Long time, no write. Well, I am back in Fort Worth although I can not tell you that leaving was an easy thing to do. While Grammie is doing better than she was when I had arrived, she is still far from recovery. In fact, in some ways we took steps back instead of forward. The good news is that her head is healing. Her staples have all been removed and the only vestage of a head injury is a scab which is about to fall off. The damage inside is more difficult to visualize but based on her return (the number of body functions and abilities she had that she has regained) I have to think she is recovering there as well.
The trouble for Grammie has been back pain from a compression fracture on her spine. It started to decline the day before I arrived in Carlinville and only seemed to get worse from there. Just like with a kiddo, the difficulty was in assessing how much pain she truly had. In her post fall fog one has to wonder how much pain is reality and how much is for effect. I mean no disrepsect with this statement but it is something that must be surmised because the treatment of the pain will have a significant effect on the length of time that it will take her to recover. It could even jeapordize her ability to recover at all. You see, the more we mask her pain with narcotics the less she will improve. In fact, she will likely decline in the short term. She will not be able to do the things she needs to recover in a drug induced fog.
I first began to question the intensity of her pain in earnest on Monday morning as she met with the speech therapist. When asked she described her pain as a 10 on a scale of 1 to 10. While I have no doubt that she was enduring pain, I would expect her to be doubling over in pain if that were the case. Instead she sat quietly and politely. There was no wincing, no grimacing, no outward sign of pain. It just did not seem to add up. My concerns were bolstered as I watched her talk to others. One moment she would tell people she was in extreme pain and a few minutes later she would tell me she was groggy but so thankful she was out of pain.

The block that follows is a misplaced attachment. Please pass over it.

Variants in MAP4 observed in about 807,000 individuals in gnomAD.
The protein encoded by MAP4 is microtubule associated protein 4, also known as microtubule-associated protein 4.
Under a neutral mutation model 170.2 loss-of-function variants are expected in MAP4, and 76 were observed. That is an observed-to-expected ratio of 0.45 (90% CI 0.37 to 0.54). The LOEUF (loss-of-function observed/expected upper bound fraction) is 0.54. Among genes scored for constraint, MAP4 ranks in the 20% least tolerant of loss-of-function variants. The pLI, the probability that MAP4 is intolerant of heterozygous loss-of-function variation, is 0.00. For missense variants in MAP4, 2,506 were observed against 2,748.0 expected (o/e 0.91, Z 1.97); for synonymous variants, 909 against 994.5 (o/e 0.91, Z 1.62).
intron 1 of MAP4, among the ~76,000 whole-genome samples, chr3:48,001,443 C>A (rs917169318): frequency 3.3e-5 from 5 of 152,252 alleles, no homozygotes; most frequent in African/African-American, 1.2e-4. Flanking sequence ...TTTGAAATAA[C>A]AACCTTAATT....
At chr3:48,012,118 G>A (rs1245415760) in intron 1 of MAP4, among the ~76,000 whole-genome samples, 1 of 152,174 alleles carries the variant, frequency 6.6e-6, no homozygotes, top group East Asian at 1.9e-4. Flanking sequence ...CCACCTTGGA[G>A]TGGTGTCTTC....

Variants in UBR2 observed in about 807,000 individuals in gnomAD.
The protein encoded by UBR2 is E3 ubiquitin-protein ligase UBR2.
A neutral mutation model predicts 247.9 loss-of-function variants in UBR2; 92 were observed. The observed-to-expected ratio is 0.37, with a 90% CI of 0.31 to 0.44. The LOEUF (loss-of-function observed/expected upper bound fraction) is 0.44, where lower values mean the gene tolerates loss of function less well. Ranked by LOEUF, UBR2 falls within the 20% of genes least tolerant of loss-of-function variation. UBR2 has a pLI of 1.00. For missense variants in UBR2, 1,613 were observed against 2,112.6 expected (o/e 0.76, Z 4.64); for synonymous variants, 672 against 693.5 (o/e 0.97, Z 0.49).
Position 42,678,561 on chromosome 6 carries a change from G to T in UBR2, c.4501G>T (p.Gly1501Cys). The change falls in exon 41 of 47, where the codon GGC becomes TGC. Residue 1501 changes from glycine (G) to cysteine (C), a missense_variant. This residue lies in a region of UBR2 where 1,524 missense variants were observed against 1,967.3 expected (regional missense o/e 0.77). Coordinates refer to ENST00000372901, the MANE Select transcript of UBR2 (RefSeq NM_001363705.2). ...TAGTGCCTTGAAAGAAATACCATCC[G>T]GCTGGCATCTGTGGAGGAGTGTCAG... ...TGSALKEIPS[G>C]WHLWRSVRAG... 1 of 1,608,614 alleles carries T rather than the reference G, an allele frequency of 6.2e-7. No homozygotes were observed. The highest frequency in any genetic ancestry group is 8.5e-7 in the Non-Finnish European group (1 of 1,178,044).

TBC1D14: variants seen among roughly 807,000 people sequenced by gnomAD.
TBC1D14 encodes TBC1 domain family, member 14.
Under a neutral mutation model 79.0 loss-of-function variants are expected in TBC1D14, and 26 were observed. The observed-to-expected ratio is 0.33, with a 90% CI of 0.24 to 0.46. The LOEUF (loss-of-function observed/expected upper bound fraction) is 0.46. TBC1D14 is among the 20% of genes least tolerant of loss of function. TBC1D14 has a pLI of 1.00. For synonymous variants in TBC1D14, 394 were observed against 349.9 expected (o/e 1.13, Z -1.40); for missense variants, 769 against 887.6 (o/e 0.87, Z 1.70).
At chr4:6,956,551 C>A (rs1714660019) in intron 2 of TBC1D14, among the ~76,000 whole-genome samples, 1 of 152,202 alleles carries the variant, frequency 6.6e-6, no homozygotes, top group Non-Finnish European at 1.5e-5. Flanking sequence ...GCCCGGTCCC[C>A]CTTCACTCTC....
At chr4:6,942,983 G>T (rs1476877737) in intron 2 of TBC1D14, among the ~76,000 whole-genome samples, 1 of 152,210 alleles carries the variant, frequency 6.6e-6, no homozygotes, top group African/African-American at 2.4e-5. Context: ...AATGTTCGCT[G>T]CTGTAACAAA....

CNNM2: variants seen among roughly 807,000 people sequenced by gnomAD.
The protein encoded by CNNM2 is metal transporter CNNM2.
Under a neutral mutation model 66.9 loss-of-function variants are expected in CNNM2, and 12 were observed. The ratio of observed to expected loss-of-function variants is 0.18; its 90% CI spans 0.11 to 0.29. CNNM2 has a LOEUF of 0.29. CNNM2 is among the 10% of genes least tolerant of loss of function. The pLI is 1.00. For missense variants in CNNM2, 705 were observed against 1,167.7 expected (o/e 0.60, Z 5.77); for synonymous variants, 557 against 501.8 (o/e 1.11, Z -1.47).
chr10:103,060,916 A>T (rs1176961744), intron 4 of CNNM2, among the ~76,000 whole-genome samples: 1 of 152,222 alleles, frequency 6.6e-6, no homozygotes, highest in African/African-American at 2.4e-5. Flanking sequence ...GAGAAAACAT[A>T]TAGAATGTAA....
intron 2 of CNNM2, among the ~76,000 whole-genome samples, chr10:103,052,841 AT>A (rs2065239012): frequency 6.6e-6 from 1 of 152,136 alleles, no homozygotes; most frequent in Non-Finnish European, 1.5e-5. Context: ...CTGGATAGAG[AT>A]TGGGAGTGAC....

In the end, no one wants her to be in pain and, whether we like it or not, she is now under some pretty strong narcotics. They are in the process of dialing them back to achieve some balance of pain relief and sanity but anyone that has been there before knows, that is a fine line.
The funny thing is that this is all just a mask for a problem which we are yet to deal with. Blame it on what you want but the big problem to me is that we have not dealt with the source of the pain. We have been trying to get a procedure scheduled for her which could alleviate the pain almost immediately but due to a variety of factors we just haven't been able to get the ball rolling. It is frustrating. I am hopeful that with Grammie's physician back in town we will see this move forward quickly. At the very least, we need to be discussing this procedure and that is yet to happen.
I hate to wait. I did not like it in pediatric oncology and I don't like it here. The problem is that in pediatrics the answer was never much more than a day away at worst (other than scan results) but here I am going on the better part of a week and feel like I have no answers. It is not that I think her physician is bad or unresponsive. It is just the system.
Bottom line, I hated to leave her. I did not want her to have to suffer alone and it brought tears to my eyes to walk out yesterday afternoon. I had to get home to watch the kiddos as Lynley prepares to leave town.
It is just not fair. I wish I could bring Grammie here were she could be close to us but I know that is nearly impossible.
Once again, I find myself with plenty of purpose but no answers.